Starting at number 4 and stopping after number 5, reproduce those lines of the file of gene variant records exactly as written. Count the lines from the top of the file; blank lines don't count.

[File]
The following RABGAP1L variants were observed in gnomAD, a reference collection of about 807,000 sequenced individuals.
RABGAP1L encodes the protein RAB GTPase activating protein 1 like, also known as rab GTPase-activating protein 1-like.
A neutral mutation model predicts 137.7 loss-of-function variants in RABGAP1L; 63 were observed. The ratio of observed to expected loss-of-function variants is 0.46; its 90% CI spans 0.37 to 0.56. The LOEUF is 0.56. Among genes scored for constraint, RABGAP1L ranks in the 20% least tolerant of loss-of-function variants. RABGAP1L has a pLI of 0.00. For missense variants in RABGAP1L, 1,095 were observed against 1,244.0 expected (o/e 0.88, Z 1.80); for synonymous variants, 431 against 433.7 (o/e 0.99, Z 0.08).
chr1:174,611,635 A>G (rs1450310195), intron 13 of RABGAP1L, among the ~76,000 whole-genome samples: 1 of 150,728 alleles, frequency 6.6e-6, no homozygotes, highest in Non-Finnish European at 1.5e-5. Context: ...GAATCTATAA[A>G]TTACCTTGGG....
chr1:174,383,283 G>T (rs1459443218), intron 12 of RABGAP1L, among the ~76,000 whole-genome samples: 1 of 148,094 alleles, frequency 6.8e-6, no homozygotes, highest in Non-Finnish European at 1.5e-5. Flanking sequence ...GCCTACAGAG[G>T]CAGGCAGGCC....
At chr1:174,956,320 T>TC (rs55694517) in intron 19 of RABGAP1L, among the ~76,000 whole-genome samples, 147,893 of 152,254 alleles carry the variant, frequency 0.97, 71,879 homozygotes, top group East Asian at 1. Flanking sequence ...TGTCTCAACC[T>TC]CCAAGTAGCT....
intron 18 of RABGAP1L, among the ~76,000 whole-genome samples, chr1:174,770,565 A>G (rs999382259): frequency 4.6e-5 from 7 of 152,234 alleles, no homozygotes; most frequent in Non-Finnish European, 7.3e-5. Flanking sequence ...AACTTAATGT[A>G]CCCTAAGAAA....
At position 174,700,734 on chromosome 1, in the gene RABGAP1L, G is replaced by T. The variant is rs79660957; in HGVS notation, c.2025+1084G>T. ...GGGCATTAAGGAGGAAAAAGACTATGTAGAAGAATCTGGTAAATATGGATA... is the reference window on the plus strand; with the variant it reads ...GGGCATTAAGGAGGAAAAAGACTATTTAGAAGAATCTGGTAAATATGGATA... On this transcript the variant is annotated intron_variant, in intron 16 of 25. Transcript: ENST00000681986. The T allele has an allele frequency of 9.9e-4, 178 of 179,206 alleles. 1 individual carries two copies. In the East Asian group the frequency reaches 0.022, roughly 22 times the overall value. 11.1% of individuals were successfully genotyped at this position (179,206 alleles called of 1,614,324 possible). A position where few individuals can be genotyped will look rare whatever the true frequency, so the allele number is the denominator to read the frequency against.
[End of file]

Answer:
chr1:174,611,635 A>G (rs1450310195), intron 13 of RABGAP1L, among the ~76,000 whole-genome samples: 1 of 150,728 alleles, frequency 6.6e-6, no homozygotes, highest in Non-Finnish European at 1.5e-5. Context: ...GAATCTATAA[A>G]TTACCTTGGG....
chr1:174,383,283 G>T (rs1459443218), intron 12 of RABGAP1L, among the ~76,000 whole-genome samples: 1 of 148,094 alleles, frequency 6.8e-6, no homozygotes, highest in Non-Finnish European at 1.5e-5. Flanking sequence ...GCCTACAGAG[G>T]CAGGCAGGCC....